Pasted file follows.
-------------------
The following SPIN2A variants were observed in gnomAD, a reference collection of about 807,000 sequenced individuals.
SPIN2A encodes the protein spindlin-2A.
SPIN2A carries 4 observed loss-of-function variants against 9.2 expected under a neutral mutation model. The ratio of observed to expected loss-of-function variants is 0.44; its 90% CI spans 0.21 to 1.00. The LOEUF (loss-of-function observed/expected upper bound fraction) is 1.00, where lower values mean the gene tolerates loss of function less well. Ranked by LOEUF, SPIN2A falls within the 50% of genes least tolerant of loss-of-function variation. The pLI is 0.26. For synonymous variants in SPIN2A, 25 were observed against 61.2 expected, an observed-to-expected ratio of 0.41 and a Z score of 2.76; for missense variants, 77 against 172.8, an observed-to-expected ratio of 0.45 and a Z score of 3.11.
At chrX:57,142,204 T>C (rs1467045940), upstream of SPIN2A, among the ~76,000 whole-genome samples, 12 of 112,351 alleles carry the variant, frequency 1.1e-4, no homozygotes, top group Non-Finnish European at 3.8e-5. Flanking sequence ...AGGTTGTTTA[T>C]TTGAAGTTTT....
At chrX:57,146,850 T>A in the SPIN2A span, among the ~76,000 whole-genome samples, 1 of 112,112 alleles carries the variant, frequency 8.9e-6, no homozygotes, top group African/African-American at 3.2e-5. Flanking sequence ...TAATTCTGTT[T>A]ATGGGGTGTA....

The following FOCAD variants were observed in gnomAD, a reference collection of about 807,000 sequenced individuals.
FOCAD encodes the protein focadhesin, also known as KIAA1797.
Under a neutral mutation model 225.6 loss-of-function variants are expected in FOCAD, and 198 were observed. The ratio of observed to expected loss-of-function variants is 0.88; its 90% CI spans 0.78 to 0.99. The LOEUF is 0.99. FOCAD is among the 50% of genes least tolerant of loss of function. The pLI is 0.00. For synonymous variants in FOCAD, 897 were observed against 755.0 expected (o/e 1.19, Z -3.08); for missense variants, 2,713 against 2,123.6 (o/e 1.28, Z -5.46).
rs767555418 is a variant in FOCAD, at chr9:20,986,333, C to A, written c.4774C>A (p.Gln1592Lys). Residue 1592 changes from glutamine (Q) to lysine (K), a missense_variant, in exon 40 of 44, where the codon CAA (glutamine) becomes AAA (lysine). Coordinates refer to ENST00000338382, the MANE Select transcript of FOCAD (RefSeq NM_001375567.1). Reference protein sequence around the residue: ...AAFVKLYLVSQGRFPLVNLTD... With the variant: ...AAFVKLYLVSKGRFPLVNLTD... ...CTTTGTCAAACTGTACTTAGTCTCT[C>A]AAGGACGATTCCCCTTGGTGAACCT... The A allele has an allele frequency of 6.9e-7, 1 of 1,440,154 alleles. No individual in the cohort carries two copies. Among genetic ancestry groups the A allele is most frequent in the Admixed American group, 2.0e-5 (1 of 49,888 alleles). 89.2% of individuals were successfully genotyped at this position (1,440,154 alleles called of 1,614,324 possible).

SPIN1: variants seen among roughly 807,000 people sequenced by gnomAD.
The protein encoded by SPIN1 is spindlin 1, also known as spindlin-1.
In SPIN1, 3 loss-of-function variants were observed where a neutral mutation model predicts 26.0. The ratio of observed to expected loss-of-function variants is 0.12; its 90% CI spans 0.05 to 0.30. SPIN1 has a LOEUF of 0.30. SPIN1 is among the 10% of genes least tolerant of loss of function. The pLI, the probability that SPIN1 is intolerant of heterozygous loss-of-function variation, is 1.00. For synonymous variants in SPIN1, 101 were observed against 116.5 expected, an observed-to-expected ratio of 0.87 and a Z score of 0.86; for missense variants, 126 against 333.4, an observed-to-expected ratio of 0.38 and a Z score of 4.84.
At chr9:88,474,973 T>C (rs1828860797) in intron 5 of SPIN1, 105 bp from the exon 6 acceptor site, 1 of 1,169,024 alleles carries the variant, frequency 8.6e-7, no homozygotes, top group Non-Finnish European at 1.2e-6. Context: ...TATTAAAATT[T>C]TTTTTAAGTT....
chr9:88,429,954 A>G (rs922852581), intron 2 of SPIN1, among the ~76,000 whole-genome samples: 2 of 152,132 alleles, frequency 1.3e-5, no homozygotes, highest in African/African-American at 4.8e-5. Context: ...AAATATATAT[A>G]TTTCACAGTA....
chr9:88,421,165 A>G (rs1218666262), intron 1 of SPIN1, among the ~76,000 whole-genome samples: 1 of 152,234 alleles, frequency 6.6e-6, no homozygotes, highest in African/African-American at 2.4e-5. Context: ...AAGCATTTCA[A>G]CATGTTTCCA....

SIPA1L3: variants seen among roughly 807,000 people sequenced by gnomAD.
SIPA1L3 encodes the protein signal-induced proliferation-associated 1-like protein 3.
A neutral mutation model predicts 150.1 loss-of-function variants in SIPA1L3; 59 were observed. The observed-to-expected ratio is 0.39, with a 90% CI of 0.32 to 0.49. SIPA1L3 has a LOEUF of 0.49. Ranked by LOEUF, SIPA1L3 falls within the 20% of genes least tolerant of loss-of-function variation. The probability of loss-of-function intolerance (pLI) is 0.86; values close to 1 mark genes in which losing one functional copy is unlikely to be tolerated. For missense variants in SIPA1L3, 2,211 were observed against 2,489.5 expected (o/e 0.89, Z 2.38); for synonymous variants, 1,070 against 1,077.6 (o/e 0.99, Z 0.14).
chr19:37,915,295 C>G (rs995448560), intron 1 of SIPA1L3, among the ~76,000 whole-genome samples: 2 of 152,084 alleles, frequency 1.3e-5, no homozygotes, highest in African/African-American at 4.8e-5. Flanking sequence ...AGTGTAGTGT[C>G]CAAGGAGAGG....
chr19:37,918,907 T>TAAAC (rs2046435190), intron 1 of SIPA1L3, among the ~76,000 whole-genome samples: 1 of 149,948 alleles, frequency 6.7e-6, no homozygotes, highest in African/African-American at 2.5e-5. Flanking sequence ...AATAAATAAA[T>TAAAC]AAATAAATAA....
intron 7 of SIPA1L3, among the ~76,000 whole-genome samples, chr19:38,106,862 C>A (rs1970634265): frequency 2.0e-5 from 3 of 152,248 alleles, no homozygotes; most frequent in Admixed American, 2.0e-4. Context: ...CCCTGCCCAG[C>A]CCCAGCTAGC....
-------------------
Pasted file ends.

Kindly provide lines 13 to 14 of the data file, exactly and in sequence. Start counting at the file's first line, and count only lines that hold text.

At chr9:88,474,973 T>C (rs1828860797) in intron 5 of SPIN1, 105 bp from the exon 6 acceptor site, 1 of 1,169,024 alleles carries the variant, frequency 8.6e-7, no homozygotes, top group Non-Finnish European at 1.2e-6. Context: ...TATTAAAATT[T>C]TTTTTAAGTT....
chr9:88,429,954 A>G (rs922852581), intron 2 of SPIN1, among the ~76,000 whole-genome samples: 2 of 152,132 alleles, frequency 1.3e-5, no homozygotes, highest in African/African-American at 4.8e-5. Context: ...AAATATATAT[A>G]TTTCACAGTA....